Biden to release oil reserves to combat high gas prices
By Kate Sullivan and Betsy Klein, CNN
(CNN) -- President Joe Biden on Tuesday will announce the release of emergency oil reserves to combat high energy prices ahead of the busy holiday travel season, but it will be weeks before the barrels hit the market.
The Department of Energy will release 50 million barrels of oil from the Strategic Petroleum Reserve, according to the White House. The release is aimed at addressing the lack of oil supply around the world, but its actual effect may be limited. In 2019, US petroleum use averaged approximately 20.5 million barrels of oil per day and in 2020 the US used on average about 18.1 million barrels per day, according to the Department of Energy's Energy Information Administration. The EIA reports petroleum usage was lower in 2020 due to the Covid-19 pandemic.
The barrels of oil involved in Tuesday's announcement will not hit the market until "mid to late December, depending on market take up," according to a senior administration official.
This release will be in coordination with several other countries, including China, India, Japan, the Republic of Korea and the United Kingdom. Officials believe the coordinated effort could potentially have more of an effect on lowering gas prices.
As of Friday, there were 604.5 million barrels of oil in the Strategic Petroleum Reserve, according to the Department of Energy.
The move comes as the White House faces mounting pressure to lower skyrocketing prices at the pump that are contributing to the biggest inflation spike in decades, causing frustration and anger among Americans.
Thirty-two million barrels will be in exchange "over the next several months," the White House said, and those barrels will eventually return to the Strategic Petroleum Reserve "in the years ahead." Eighteen million barrels "will be an acceleration into the next several months of a sale of oil that Congress had previously authorized."
"American consumers are feeling the impact of elevated gas prices at the pump and in their home heating bills, and American businesses are, too, because oil supply has not kept up with demand as the global economy emerges from the pandemic," the White House said in a news release. "That's why President Biden is using every tool available to him to work to lower prices and address the lack of supply."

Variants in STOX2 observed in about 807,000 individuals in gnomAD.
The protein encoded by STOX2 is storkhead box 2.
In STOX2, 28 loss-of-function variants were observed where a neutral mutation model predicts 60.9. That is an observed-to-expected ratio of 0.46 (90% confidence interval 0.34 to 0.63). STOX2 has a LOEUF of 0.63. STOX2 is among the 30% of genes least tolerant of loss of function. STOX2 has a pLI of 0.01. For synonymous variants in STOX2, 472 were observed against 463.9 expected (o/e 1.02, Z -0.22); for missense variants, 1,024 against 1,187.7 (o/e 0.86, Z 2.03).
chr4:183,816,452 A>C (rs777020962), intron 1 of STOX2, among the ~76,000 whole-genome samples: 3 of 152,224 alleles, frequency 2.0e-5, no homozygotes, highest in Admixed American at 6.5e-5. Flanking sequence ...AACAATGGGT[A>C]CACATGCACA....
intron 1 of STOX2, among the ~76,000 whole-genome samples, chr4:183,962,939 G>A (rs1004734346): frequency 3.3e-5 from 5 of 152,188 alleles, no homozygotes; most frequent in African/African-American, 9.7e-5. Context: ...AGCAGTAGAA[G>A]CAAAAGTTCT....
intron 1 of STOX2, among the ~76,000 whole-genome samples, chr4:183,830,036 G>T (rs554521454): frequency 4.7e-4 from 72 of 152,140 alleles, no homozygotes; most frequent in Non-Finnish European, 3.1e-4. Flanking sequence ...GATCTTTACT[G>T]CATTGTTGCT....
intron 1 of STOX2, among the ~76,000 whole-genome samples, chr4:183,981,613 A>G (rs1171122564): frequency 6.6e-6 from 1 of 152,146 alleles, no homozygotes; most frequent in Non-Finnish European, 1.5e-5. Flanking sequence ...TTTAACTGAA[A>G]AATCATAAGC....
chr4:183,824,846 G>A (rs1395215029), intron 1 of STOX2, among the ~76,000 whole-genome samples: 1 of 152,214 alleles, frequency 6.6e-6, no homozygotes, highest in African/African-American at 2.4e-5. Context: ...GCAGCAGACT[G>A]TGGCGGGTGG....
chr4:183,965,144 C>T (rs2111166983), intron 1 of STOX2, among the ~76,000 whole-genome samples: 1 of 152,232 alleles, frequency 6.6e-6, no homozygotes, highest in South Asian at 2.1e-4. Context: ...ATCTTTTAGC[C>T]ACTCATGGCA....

CNN previously reported Biden hoped to announce his decision to release the oil reserves during a Tuesday speech at the White House, but that the timing of such a move was still contingent on other nations finalizing their agreements.
The President is scheduled to deliver remarks Tuesday afternoon "on the economy and lowering prices for the American people," according to the White House schedule, just hours before he is set to leave for a Thanksgiving break on Nantucket off the coast of Massachusetts
Biden had been privately advised in recent weeks that tapping into the reserve wouldn't do much to alleviate the current problems, but some Democratic lawmakers argued it could provide temporary relief at the pump. Senate Majority Leader Chuck Schumer was among the Democrats leading the charge.
Despite being told the impact may be negligible, the option to release oil reserves remained on the table, given Biden had few others, and officials believed coordinating with other countries could potentially have more of an effect.
The national gas price average as of Tuesday is $3.403, according to AAA, which is significantly higher than the average at the same time last year when many people were not driving or traveling as much due to the Covid-19 pandemic. It is unclear how much the White House effort would immediately affect prices.
The move may instead largely act as a signal to OPEC nations and Russia that the US is serious about taking action to lower prices after those nations were reluctant to ramp up oil production to reduce prices.
Biden officials have warned the Saudis for weeks that the US would find alternative solutions if the price of crude oil topped $85 a barrel, officials said, which it did late last month. But Saudi Arabia has stood firm in refusing to increase output and has priced in -- wrongly, in the view of US officials -- the possibility that the US reaches a nuclear deal with Iran, two US officials said. The Saudis' concern is that sanctions on Iran would then be rolled back, allowing the country to ramp up its oil production and compete with OPEC+.
Given that reluctance, the Biden administration viewed coordinating with the other nations as an attempt to undermine the cartel's control of the market.
"The thinking has been, we can do this alone, or we can do it internationally -- and the latter would be much more effective, especially when it comes to sending a message to the Saudis," said one senior official involved in the discussions.
Biden has taken other actions as well. Last week, the President asked the Federal Trade Commission to "immediately" investigate whether illegal activity by oil and gas companies is pushing up gas prices. That move isn't likely to have an immediate effect on gas prices for consumers, but is another example that Biden is seeking to show he is working to bring prices down. The FTC's findings could also help in the long run if they find wrongdoing. The oil industry's top advocacy group slammed that move as a "distraction."
This story has been updated with additional information.
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